No real surprise in this announcement, as much of this was already known: Olympus today announced that five additional companies have joined the Micro Four Thirds standard. The companies are:
- Blackmagic Design—they've already announced their m4/3 Cinema Camera.
- JK Imaging—a Chinese company that has licensed the Kodak brand name and will produce the Kodak PixPro S1 mirrorless still camera in Q3 of 2013.
- Photron—makes advanced high-speed video cameras, but has no announced m4/3 product yet.
- SVS-Visktek—maker of the SVCam, a series of high performance CCD cameras used mostly in machine vision applications.
- ViewPlus—a maker of the Lumiere series of high performance video cameras (e.g. 4k at 60fps).
It's interesting that so many of these companies are in the video world, but not surprising. For many years now I've been pointing out that Canon and Nikon, in particular, have been making a mistake with their go-it-alone strategy. As new companies start doing interesting new things in imaging, they look for lenses. The only truly openly licensable mount where the makers have agreed to exchange information at the moment is the m4/3 mount (the Sony NEX E-Mount is also licensable).
Thus, a new camera company can solve its lens needs pretty easily by just joining m4/3. The alternative is to reverse engineer one of the other existing mounts, like the Canon EF or Nikon F mount. The problem there is that both those companies have continued to tweak specifications over the years and there is a strong chance that they will continue to in order to disrupt competitors. For lens companies like Sigma, Tamron, and Tokina, reverse engineering these tweaks and keeping up with changes has been a never-ending process for them. Easier to be part of a standard.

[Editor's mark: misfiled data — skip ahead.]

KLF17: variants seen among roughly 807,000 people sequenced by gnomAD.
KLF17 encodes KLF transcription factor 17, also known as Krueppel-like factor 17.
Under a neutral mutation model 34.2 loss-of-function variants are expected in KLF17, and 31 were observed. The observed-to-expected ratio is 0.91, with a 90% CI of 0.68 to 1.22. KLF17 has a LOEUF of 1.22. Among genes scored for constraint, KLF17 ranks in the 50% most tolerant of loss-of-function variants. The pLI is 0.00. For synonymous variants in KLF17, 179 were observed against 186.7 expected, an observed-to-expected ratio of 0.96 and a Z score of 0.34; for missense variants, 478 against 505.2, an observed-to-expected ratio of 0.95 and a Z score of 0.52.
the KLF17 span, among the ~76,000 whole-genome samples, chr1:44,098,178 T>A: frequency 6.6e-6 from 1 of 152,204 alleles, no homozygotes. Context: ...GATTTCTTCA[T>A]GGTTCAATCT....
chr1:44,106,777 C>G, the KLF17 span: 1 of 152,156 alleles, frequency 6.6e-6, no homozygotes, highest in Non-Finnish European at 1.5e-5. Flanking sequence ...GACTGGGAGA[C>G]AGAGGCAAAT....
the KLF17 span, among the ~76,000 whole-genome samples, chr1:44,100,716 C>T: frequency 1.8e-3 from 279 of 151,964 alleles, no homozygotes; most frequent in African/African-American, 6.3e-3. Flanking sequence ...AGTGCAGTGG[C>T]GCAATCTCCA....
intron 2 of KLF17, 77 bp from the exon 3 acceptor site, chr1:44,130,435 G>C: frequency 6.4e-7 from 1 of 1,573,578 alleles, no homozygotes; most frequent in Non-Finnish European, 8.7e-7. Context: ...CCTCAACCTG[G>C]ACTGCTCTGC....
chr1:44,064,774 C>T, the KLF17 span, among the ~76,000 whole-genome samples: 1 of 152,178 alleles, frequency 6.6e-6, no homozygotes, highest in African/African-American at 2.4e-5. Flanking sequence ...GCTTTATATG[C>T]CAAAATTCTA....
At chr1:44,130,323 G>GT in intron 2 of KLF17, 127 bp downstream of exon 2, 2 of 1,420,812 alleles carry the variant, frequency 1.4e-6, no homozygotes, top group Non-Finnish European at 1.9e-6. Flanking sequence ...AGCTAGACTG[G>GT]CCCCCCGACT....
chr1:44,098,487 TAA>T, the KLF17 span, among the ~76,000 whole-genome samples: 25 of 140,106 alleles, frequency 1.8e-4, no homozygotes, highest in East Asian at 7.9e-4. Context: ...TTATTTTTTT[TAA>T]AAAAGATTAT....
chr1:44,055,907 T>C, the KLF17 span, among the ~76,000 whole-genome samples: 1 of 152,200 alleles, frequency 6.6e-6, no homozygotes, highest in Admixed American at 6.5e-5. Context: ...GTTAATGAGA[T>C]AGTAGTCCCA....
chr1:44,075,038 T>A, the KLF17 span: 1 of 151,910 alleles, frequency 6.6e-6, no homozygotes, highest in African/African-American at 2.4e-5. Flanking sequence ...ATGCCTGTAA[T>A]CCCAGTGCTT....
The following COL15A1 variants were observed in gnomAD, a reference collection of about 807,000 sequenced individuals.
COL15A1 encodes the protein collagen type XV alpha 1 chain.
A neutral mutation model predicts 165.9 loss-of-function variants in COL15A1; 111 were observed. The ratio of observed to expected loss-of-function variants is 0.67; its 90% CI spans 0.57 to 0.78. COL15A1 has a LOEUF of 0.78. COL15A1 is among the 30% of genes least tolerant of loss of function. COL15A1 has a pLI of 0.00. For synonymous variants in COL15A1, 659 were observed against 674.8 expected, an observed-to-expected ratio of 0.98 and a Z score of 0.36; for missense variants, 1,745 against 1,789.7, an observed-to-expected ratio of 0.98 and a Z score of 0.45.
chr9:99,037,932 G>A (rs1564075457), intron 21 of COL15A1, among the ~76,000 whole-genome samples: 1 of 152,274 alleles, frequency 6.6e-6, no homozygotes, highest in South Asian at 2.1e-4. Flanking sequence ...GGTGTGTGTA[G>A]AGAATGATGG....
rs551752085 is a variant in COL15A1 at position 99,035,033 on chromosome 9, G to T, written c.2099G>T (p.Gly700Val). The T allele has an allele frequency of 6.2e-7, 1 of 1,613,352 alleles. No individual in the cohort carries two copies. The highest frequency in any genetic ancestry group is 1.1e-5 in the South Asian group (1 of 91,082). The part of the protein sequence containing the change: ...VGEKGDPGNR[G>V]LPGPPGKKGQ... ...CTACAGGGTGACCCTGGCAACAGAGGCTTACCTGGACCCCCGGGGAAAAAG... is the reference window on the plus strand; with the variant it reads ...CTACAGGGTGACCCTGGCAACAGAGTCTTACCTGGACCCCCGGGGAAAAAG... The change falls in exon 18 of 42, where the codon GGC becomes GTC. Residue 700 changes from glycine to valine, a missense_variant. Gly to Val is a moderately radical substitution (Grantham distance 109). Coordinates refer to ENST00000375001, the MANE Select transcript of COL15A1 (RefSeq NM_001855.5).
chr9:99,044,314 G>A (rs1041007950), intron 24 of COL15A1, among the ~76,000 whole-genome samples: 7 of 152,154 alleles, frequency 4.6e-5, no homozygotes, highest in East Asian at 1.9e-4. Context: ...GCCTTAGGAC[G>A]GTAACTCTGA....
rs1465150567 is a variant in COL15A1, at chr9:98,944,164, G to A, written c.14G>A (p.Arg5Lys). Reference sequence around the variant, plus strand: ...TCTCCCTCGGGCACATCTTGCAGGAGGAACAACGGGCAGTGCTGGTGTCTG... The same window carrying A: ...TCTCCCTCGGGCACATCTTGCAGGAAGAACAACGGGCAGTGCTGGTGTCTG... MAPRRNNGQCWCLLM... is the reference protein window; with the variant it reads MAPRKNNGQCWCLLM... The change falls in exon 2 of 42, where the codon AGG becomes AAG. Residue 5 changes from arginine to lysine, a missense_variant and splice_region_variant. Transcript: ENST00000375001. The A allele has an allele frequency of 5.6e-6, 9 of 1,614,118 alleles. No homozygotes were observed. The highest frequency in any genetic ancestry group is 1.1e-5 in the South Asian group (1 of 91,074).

The other thing going for m4/3 is sensor size. Physically smaller sensors are cheaper than larger ones. Indeed, the costs all add up nearly exponentially for larger sensors. True, all else equal a larger sensor has image quality advantages over a smaller one, but the real money is always to be made at the "sweet spot." Whether that sweet spot is m4/3 or APS/DX is debatable, but there is no standards organization in APS/DX.
For Olympus and Panasonic, the two original m4/3 product makers, there's safety in numbers. More cameras will attract more lens makers. More lens makers will attract more camera makers. As much as anything in the camera world, m4/3 is going viral. What was it that Michael Corleone said in The Godfather? "Keep your friends close and your enemies closer." Canon and Nikon have failed at that. m4/3 seems to be doing a better job at it.